In a paper published in the Proceedings of the National Academy of Sciences, researchers led by UMass Amherst graduate student Evan Thaler, along with professors Isaac Larsen and Qian Yu in the department of geosciences, developed a method using satellite imagery to map areas in agricultural fields in the Corn Belt of the Midwestern U.S. that have no remaining A-horizon soil. The A-horizon is the upper portion of the soil that is rich in organic matter, which is critical for plant growth because of its water and nutrient retention properties. The researchers then used high-resolution elevation data to extrapolate the satellite measurements across the Corn Belt and the true magnitude of erosion.

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Urban Areas Need “Freedom Lawns” To Revive Their Soil

Few people put much thought into the soil beneath their feet, but Loren Byrne does. A professor at Roger Williams University, Byrne is an expert on urban soil ecology, and he worries that humans are changing the structural integrity of soils in urban environments and limiting the ability of plants and animals to live in and nourish the earth.

“Soil is easily overlooked and taken for granted because it’s everywhere,” he said. “We walk all over it and think of it as dirt that we can manipulate at our will. But the secret of soil is what’s happening with soil organisms and what’s happening with their interactions below ground that help regulate our earth’s ecosystems.”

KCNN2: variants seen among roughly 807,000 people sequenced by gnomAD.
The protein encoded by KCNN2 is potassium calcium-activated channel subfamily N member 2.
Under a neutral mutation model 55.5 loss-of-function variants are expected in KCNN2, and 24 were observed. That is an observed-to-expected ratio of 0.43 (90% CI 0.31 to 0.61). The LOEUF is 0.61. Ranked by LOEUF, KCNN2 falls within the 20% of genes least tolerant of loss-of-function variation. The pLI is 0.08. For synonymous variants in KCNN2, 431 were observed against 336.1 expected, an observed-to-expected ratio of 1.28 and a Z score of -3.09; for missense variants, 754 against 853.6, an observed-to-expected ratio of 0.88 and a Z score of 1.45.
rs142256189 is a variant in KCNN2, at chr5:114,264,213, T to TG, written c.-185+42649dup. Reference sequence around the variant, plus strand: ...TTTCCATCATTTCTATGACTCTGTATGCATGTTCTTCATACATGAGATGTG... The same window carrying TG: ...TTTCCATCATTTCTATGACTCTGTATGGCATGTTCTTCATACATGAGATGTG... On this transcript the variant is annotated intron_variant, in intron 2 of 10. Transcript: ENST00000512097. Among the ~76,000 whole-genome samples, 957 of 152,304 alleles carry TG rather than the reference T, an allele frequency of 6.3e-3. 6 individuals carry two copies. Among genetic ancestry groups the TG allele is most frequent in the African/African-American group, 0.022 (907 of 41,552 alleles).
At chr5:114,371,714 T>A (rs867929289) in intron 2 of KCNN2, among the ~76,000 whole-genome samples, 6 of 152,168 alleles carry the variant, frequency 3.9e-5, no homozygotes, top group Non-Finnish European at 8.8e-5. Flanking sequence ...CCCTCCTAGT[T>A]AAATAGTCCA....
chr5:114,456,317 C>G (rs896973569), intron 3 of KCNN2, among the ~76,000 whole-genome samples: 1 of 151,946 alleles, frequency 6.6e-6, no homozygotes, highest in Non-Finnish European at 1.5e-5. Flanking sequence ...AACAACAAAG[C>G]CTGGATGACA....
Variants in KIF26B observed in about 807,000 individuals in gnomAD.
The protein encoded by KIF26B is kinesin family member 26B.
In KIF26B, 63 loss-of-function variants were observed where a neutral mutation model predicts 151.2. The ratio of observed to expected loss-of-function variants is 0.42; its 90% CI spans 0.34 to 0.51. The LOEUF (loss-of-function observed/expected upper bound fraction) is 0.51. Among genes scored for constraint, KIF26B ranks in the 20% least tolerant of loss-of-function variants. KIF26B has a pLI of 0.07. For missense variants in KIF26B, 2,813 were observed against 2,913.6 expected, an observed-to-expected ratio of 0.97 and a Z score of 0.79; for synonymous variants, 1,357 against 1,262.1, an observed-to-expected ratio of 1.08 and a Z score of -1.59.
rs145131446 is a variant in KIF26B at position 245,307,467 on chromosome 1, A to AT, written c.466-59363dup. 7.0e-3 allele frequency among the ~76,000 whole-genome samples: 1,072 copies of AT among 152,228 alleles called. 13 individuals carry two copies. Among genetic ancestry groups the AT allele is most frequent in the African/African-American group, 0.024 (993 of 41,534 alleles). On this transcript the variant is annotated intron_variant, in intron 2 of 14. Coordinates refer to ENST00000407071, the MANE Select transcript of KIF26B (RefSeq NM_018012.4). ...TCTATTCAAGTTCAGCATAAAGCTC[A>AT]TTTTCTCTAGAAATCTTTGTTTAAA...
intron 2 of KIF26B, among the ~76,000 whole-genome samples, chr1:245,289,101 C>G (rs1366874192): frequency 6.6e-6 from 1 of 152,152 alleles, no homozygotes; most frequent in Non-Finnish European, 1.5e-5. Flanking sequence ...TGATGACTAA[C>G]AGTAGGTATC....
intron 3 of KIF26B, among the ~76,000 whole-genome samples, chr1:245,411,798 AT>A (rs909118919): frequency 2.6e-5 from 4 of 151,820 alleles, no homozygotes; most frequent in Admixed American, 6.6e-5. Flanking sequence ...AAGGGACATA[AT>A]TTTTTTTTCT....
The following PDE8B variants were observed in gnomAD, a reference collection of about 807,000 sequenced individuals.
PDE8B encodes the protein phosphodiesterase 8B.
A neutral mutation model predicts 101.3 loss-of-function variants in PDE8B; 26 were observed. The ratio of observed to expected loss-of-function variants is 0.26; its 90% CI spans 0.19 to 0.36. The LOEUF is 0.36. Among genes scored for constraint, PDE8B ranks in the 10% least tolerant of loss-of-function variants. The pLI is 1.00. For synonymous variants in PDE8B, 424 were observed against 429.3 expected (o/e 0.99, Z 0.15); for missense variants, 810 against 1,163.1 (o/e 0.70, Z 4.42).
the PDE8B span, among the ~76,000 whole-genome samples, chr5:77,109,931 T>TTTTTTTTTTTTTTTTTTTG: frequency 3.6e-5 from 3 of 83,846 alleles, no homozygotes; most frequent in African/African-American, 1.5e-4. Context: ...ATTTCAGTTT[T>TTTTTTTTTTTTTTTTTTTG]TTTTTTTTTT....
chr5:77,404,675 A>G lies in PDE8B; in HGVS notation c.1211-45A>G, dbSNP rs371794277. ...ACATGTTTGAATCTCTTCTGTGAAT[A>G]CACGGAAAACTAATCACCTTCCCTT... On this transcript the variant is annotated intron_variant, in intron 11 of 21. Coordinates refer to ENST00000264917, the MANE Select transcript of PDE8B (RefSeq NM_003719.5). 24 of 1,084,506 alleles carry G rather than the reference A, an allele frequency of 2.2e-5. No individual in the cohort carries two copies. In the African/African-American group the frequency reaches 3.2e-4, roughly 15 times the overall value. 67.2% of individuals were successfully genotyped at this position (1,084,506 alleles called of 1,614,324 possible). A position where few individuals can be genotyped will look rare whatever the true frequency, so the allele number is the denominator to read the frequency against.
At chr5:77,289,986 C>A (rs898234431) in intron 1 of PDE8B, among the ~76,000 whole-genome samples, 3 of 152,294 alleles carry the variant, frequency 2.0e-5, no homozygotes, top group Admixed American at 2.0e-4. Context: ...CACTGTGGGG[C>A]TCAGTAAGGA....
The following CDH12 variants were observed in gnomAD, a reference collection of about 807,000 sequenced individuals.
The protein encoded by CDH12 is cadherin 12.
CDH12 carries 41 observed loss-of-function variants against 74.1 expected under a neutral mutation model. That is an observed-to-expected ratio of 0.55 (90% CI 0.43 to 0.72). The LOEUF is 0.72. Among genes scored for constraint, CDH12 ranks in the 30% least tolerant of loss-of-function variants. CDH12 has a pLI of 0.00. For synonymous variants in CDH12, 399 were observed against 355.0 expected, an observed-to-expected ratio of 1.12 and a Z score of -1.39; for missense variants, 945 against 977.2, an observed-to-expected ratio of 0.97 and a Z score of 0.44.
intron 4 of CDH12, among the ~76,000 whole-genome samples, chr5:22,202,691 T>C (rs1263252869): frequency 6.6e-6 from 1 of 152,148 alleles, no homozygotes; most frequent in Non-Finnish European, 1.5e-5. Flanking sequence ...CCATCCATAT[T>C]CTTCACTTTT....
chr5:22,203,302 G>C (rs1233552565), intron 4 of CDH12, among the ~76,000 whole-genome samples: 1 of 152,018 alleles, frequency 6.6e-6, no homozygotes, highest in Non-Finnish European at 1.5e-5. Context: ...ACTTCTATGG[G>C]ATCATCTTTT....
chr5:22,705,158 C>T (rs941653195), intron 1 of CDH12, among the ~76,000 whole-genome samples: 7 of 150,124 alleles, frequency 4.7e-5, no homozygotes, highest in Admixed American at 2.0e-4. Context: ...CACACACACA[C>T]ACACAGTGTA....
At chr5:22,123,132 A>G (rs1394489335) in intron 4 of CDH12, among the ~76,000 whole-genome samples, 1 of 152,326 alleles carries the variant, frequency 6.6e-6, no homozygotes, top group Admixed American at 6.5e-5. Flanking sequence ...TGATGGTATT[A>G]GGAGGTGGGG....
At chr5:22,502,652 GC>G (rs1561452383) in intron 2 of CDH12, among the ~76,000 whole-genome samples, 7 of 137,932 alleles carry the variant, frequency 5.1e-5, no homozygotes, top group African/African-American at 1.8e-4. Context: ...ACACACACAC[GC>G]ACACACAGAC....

Byrne contributed a chapter about urban soils to a report, State of Knowledge of Soil Biodiversity, issued last year by the U.N.’s Food and Agriculture Organization. He discussed how the ecology of the soil changes as it is compacted during construction, paved over, chemically treated for lawns, and dug up and carried away.

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Soil Conservation Plants Hope

The soil beneath our feet might save the planet.

“If we get the soil right we can fix a lot of our issues,” Ray Archuleta says. “Healthy soils lead to a healthy plant, a healthy animal, a healthy human, healthy water, and ultimately a healthy climate and planet.”

Archuleta, a Certified Professional Soil Scientist with the Soil Science Society of America, has a calling – soil conservation. He’s traveled the United States as well as abroad to plant the seeds of thought about the negative effects of a problem that he sees everywhere he goes. That problem is soil erosion.

In the film “Kiss the Ground,” released in 2020, the problem of rapid soil erosion is said to have begun long ago when mankind invented the plow. As the plow became popular vast areas around cities were plowed to grow grain for food. As the soils eroded so did those early empires until they eventually vanished into the dust. The film describes the 1930s Dust Bowl era as the largest manmade disaster in history. By the end of 1934, millions of cropland acres were permanently damaged.